The ship is a society with its own rules. You are together 24 hours per day in a rigid hierarchy with the captain at its top.
What did the crew do, how were the ships furnished, and where did people sleep? Was there any privacy at all? What did the sailors do in the limited free time they had when they weren’t sleeping? What was the food like? The exhibition Aboard shows the development of ship life from the sailing ships of the 1800s to the motor vessels of the 1960s.
The tasks on board
Four model ships illustrate how sailing ships, steamships and motor vessels were organised with a captain’s cabin, mess and crew quarters. The tasks of the different crew members are described, from the seaman on a sailing ship raising the sails, to the stoker’s toil in the stokehold and the motorman’s maintenance of the deafening diesel motor.
Food and free time
The food and free time of those at sea is another story, and the exhibition describes what the crew ate, from the dry ship’s biscuits on sailing vessels to the more normal and nutritious food on motor ships. We’re also witness to how seamen relaxed when they were off duty.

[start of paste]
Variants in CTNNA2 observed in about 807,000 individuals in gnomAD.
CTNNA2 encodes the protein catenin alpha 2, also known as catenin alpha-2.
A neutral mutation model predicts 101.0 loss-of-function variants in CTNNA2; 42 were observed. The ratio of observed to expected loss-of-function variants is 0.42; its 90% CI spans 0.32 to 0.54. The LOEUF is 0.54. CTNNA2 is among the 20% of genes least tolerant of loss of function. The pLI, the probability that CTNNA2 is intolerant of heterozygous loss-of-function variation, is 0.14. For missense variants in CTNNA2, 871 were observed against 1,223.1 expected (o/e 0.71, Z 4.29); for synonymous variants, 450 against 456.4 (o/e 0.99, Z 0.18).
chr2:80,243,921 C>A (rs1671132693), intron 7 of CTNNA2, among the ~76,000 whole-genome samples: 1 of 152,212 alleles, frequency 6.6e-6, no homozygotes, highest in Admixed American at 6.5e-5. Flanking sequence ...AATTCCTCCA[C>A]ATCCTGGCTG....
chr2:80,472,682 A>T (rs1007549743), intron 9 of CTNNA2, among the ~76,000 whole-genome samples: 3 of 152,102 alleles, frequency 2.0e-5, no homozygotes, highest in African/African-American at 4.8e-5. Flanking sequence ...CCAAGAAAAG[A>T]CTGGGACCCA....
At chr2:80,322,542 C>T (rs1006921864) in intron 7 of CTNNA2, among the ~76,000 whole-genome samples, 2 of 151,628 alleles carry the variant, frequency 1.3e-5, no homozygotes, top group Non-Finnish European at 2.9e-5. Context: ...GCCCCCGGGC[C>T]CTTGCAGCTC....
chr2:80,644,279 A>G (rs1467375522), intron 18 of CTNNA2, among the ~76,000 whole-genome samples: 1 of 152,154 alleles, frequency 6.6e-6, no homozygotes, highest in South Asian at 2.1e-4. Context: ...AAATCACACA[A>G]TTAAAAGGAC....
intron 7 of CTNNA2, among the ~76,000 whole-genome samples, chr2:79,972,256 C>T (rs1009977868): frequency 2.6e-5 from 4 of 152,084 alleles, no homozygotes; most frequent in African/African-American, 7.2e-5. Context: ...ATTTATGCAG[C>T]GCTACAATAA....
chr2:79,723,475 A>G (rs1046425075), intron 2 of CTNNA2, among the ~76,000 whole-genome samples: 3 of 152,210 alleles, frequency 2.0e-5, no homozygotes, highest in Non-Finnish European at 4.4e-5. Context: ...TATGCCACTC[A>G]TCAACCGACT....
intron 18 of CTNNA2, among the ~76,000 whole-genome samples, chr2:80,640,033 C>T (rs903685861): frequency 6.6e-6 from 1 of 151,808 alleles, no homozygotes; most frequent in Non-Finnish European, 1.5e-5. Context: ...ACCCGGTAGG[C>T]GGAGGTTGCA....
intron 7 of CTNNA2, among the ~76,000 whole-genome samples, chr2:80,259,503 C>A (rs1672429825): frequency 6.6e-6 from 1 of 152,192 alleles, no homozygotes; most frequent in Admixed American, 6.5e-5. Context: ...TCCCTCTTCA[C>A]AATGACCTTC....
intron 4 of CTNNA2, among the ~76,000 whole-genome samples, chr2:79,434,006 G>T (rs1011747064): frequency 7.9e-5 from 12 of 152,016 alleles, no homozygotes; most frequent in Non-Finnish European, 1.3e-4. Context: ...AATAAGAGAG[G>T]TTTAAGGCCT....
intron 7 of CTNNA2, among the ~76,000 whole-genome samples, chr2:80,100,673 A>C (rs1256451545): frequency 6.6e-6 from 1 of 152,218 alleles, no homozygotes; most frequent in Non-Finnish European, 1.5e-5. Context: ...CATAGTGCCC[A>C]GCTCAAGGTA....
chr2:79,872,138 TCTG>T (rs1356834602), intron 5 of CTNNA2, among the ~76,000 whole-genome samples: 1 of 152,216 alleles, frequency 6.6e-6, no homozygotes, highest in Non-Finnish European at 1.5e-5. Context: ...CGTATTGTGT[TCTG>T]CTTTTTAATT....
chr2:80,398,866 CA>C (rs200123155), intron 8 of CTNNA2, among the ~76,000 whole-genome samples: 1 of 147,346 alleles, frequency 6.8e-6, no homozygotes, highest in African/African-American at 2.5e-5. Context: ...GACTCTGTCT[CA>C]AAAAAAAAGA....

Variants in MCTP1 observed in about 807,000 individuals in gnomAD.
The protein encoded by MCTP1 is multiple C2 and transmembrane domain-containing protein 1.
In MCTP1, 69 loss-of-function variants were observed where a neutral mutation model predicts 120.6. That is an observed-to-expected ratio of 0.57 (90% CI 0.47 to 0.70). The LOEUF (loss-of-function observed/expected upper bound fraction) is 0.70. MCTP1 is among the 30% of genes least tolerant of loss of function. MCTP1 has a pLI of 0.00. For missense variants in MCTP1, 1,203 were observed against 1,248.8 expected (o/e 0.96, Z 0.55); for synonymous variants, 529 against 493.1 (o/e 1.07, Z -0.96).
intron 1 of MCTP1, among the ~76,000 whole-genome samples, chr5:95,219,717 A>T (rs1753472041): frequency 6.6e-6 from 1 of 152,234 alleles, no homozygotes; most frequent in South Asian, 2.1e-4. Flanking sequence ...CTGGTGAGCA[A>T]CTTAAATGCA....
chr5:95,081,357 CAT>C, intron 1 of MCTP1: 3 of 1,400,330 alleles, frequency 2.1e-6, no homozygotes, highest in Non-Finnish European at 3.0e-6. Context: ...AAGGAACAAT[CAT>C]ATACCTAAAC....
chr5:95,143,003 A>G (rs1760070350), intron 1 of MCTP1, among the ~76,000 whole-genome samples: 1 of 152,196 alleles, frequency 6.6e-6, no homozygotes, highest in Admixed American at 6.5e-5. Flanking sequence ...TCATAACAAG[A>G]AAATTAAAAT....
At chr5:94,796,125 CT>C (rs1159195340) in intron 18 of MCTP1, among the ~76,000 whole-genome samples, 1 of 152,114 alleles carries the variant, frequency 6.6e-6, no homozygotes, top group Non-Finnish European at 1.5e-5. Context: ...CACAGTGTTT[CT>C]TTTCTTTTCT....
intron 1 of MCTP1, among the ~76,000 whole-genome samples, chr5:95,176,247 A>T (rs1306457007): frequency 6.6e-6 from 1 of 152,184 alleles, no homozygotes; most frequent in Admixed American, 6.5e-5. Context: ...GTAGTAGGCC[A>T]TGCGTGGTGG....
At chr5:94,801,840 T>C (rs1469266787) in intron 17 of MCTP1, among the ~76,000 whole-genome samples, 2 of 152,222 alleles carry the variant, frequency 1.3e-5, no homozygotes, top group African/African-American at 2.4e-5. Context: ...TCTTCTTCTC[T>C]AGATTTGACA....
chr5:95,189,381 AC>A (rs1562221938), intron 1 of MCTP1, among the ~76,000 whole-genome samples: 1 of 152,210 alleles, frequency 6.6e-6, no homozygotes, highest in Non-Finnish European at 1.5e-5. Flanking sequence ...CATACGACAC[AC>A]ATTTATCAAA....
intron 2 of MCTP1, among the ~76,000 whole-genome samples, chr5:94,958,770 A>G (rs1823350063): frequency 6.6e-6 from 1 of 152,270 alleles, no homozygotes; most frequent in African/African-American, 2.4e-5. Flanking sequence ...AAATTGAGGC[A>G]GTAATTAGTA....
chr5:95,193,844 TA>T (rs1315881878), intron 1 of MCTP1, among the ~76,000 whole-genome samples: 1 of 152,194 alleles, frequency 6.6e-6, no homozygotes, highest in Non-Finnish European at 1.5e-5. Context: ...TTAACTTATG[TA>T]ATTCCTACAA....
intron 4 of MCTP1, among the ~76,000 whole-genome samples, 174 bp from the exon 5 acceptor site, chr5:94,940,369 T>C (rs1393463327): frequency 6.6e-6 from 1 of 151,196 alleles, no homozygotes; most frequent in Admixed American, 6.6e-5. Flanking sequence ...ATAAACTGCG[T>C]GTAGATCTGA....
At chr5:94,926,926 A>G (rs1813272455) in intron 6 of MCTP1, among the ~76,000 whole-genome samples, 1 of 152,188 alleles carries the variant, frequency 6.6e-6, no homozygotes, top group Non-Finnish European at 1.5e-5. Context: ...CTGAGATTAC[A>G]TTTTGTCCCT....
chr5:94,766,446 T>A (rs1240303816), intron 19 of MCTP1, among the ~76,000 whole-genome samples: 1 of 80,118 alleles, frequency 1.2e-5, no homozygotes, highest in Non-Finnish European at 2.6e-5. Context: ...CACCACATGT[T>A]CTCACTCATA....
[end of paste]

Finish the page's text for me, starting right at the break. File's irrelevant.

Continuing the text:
The exhibition Aboard invites visitors inside the ship – the sailor’s second home and workplace.
”The ships’ hulls towered dark and vast in the wet night, their bellies filled with many things, pregnant with possibilities…”
-Isak Dinesen/Karen Blixen; “The young man with the carnation”, Winter adventure, 1942.